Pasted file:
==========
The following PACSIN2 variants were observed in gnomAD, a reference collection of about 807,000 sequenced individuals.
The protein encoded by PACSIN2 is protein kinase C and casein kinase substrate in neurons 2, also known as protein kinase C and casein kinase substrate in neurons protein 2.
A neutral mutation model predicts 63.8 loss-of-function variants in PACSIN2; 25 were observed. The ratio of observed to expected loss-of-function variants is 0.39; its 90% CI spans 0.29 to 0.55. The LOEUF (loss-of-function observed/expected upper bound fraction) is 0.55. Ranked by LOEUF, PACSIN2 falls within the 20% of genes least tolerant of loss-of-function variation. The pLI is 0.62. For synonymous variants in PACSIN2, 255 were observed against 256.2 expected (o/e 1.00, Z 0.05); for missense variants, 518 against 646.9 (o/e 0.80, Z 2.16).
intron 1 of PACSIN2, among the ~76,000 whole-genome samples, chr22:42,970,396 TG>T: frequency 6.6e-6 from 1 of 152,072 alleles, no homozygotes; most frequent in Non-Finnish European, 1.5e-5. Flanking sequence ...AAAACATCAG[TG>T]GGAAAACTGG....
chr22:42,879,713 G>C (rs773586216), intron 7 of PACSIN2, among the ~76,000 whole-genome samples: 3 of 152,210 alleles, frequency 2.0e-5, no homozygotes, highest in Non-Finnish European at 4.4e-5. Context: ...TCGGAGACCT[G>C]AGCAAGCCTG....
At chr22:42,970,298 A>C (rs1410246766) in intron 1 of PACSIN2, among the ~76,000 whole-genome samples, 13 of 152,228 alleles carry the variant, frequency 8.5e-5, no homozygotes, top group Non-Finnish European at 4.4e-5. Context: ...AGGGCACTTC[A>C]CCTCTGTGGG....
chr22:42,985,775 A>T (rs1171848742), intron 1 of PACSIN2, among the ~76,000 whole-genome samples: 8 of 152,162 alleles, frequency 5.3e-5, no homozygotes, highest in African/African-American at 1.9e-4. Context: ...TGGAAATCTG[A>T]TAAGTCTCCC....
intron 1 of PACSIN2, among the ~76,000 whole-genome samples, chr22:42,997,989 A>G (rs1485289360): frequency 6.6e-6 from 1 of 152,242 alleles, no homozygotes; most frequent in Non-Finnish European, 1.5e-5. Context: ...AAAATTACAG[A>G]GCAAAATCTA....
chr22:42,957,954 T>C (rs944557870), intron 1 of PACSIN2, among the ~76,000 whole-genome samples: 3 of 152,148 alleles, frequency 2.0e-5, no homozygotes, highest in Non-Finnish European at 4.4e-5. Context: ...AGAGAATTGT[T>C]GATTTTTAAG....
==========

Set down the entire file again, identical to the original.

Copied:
The following PACSIN2 variants were observed in gnomAD, a reference collection of about 807,000 sequenced individuals.
The protein encoded by PACSIN2 is protein kinase C and casein kinase substrate in neurons 2, also known as protein kinase C and casein kinase substrate in neurons protein 2.
A neutral mutation model predicts 63.8 loss-of-function variants in PACSIN2; 25 were observed. The ratio of observed to expected loss-of-function variants is 0.39; its 90% CI spans 0.29 to 0.55. The LOEUF (loss-of-function observed/expected upper bound fraction) is 0.55. Ranked by LOEUF, PACSIN2 falls within the 20% of genes least tolerant of loss-of-function variation. The pLI is 0.62. For synonymous variants in PACSIN2, 255 were observed against 256.2 expected (o/e 1.00, Z 0.05); for missense variants, 518 against 646.9 (o/e 0.80, Z 2.16).
intron 1 of PACSIN2, among the ~76,000 whole-genome samples, chr22:42,970,396 TG>T: frequency 6.6e-6 from 1 of 152,072 alleles, no homozygotes; most frequent in Non-Finnish European, 1.5e-5. Flanking sequence ...AAAACATCAG[TG>T]GGAAAACTGG....
chr22:42,879,713 G>C (rs773586216), intron 7 of PACSIN2, among the ~76,000 whole-genome samples: 3 of 152,210 alleles, frequency 2.0e-5, no homozygotes, highest in Non-Finnish European at 4.4e-5. Context: ...TCGGAGACCT[G>C]AGCAAGCCTG....
At chr22:42,970,298 A>C (rs1410246766) in intron 1 of PACSIN2, among the ~76,000 whole-genome samples, 13 of 152,228 alleles carry the variant, frequency 8.5e-5, no homozygotes, top group Non-Finnish European at 4.4e-5. Context: ...AGGGCACTTC[A>C]CCTCTGTGGG....
chr22:42,985,775 A>T (rs1171848742), intron 1 of PACSIN2, among the ~76,000 whole-genome samples: 8 of 152,162 alleles, frequency 5.3e-5, no homozygotes, highest in African/African-American at 1.9e-4. Context: ...TGGAAATCTG[A>T]TAAGTCTCCC....
intron 1 of PACSIN2, among the ~76,000 whole-genome samples, chr22:42,997,989 A>G (rs1485289360): frequency 6.6e-6 from 1 of 152,242 alleles, no homozygotes; most frequent in Non-Finnish European, 1.5e-5. Context: ...AAAATTACAG[A>G]GCAAAATCTA....
chr22:42,957,954 T>C (rs944557870), intron 1 of PACSIN2, among the ~76,000 whole-genome samples: 3 of 152,148 alleles, frequency 2.0e-5, no homozygotes, highest in Non-Finnish European at 4.4e-5. Context: ...AGAGAATTGT[T>C]GATTTTTAAG....